Akron/Family | ReviewMeek Warrior is a testament to their commitment to continue to push their so-called "weird" envelope October 11th 2006,
"Meek Warrior" (CD)
Label: Young God
Surely the Akron/Family could write a relatively straightforward record and be hailed as some of the best folkies in the modern day indie rock world. Really, they could. They have all the key components to create such a record. But, they're not going to. To this, we give thanks to God or some other higher power - regardless, we give thanks. Meek Warrior is a testament to their commitment to continue to push their so-called "weird" envelope, which has dutifully been tagged on them over the past year or so, to brand new levels/heights/echelons. And it is a complete success.
Beginning with possibly their most daring track yet, the nine-plus minute "Blessing Force" rambles, roll, and rants through its entirety, expanding on this quartet's already impressive back catalogue. It literally sounds like 15 tracks compressed into one giant collage of noise, complete with odd time signatures, vocal parts, and a really fucked up sounding horn towards the end. It almost has a trance-like quality and while it isn't the most ideal opener to a record, it definitely sets the stage for a new era of all things Akron/Family.
From here, things calm down a bit and it is a much needed break after the expansive opener. "Gone Beyond" gently glides by with a stunning finger-picked guitar line, inventive percussion, and the well-sung lyrics "gone, gone, gone beyond / gone completely beyond" repeating over and over until the track fades into the title track, which proves to be another fine attempt at their indie folk eccentricity.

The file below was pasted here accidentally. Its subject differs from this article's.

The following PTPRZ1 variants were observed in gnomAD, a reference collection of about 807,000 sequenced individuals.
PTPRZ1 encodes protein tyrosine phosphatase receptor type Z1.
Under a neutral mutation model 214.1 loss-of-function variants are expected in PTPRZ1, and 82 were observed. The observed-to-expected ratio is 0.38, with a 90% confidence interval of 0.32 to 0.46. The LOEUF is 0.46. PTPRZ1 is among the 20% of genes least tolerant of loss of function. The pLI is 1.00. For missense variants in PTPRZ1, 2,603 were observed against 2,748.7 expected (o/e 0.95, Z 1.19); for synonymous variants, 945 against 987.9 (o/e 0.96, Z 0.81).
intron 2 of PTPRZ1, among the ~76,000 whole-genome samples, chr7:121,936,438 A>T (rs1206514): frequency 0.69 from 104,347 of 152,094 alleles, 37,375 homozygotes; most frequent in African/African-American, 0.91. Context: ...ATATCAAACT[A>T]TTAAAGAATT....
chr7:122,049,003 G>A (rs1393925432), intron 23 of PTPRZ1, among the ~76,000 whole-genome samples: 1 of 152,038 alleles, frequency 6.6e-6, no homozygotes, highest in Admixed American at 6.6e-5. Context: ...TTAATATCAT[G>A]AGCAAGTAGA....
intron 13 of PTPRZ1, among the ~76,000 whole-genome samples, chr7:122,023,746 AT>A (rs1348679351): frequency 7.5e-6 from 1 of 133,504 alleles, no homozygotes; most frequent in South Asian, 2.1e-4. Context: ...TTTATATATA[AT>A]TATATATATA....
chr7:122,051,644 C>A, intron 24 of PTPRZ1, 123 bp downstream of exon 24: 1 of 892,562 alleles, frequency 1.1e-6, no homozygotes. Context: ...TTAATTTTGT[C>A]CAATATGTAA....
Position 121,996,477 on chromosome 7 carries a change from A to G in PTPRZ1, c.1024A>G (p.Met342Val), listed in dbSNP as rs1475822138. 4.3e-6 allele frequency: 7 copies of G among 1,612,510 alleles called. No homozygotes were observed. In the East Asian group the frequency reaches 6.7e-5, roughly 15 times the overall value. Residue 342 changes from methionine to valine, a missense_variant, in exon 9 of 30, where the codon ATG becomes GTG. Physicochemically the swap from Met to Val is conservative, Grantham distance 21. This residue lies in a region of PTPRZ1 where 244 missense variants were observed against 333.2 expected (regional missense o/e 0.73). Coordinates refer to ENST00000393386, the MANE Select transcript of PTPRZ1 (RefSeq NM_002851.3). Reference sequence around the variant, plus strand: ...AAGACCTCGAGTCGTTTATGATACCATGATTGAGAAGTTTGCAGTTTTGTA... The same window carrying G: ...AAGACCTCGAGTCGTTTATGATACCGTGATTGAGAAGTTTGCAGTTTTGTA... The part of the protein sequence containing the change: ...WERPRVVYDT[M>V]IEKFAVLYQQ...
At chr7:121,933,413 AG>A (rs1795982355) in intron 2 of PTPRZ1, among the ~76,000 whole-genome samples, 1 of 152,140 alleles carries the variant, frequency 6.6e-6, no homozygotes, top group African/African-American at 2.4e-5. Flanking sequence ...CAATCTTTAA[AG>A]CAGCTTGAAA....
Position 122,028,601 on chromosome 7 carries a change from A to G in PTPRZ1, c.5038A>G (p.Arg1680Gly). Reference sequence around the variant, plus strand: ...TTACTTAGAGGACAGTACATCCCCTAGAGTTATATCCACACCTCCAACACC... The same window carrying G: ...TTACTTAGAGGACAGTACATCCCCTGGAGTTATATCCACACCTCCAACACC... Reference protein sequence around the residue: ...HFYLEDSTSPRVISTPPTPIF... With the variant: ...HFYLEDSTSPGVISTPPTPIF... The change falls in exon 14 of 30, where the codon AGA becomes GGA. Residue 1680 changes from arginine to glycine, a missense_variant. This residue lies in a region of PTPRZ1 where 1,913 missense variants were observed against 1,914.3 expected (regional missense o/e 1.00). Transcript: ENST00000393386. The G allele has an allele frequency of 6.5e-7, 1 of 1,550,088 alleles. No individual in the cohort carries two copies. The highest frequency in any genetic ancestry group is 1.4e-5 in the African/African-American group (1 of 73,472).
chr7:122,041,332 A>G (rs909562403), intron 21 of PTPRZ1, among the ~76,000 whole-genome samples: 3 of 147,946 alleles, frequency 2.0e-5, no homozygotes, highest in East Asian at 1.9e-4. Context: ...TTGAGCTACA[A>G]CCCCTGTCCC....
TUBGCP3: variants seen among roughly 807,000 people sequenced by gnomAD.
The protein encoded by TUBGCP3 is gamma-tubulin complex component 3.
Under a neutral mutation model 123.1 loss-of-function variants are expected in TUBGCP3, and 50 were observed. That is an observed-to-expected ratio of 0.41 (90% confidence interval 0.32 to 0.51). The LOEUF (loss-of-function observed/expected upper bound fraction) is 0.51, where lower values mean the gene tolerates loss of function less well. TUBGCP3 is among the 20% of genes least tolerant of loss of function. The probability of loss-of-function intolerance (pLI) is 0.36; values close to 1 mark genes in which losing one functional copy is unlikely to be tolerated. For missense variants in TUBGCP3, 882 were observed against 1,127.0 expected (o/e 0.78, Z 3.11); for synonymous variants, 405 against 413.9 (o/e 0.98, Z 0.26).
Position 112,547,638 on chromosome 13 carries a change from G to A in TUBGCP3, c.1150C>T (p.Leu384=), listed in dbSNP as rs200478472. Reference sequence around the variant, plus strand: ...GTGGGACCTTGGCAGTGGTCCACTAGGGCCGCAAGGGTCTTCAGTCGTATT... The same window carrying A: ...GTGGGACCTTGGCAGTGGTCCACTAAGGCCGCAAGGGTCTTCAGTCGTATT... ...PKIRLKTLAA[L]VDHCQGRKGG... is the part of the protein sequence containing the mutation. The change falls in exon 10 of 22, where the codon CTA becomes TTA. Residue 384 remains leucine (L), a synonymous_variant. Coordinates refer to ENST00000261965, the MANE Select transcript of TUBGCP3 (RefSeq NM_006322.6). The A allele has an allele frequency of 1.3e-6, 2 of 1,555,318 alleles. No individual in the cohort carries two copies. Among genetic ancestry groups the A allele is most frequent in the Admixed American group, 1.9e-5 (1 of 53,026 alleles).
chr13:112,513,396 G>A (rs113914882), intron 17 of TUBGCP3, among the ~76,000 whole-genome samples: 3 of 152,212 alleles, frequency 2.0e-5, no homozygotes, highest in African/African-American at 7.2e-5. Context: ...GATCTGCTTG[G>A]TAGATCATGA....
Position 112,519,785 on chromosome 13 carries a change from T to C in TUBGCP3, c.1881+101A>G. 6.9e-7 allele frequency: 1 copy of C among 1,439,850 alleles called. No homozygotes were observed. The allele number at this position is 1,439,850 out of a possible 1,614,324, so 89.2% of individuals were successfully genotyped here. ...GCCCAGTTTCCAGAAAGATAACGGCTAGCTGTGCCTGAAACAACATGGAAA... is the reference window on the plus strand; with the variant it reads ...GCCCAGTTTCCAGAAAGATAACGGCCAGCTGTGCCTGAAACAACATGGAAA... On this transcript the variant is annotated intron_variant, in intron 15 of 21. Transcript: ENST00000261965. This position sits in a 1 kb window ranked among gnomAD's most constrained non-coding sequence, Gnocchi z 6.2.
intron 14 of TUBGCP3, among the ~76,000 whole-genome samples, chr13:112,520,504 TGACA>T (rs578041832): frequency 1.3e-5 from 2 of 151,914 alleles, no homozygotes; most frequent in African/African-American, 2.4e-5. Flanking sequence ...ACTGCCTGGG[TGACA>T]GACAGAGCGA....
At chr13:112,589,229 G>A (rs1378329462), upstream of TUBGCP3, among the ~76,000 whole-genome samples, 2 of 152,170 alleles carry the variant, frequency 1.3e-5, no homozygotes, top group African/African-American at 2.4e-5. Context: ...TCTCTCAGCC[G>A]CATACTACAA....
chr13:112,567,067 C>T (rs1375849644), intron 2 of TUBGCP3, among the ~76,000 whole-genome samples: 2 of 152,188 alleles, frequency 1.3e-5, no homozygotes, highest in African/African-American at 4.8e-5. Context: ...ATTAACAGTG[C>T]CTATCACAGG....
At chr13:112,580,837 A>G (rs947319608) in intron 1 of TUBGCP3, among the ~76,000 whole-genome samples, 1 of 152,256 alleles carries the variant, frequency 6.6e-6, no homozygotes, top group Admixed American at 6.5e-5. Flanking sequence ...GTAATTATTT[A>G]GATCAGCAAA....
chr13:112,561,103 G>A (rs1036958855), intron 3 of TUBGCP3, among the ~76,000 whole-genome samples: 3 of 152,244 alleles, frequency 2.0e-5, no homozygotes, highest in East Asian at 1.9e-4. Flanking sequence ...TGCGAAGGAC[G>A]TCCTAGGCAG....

One of the finest aspects of Akron/Family is how collaborative they are. They truly seem like "ahem" a family, as they each bring separate ideas/songs to the table, which is then fleshed out to their full capacity by the other members. It's as if you can hear each song's shell before the additions were tacked on and studio tricks were implemented the beauty of any strictly untainted folk song.
Meek Warrior comes to a close with its most abundant track, "Love and Space," which is easily one of the best songs this young band has constructed. An almost all a capella track, the vocals are as absolutely hauntingly incredible as the simple lyrical melody. It is a true gem and an ideal way to close this all-too-short, seven-track album.
While Meek Warrior is a tinge on the short side, the length is its only major fault. This record will not bring disappointment if anything Akron/Family have created thus far has gotten you a wee bit excited. In fact, it will make you all the more excited about them; especially if you're lucky enough to catch them in a live setting. Highly recommended.
Review written on 2006/10/11 by Kyle Undem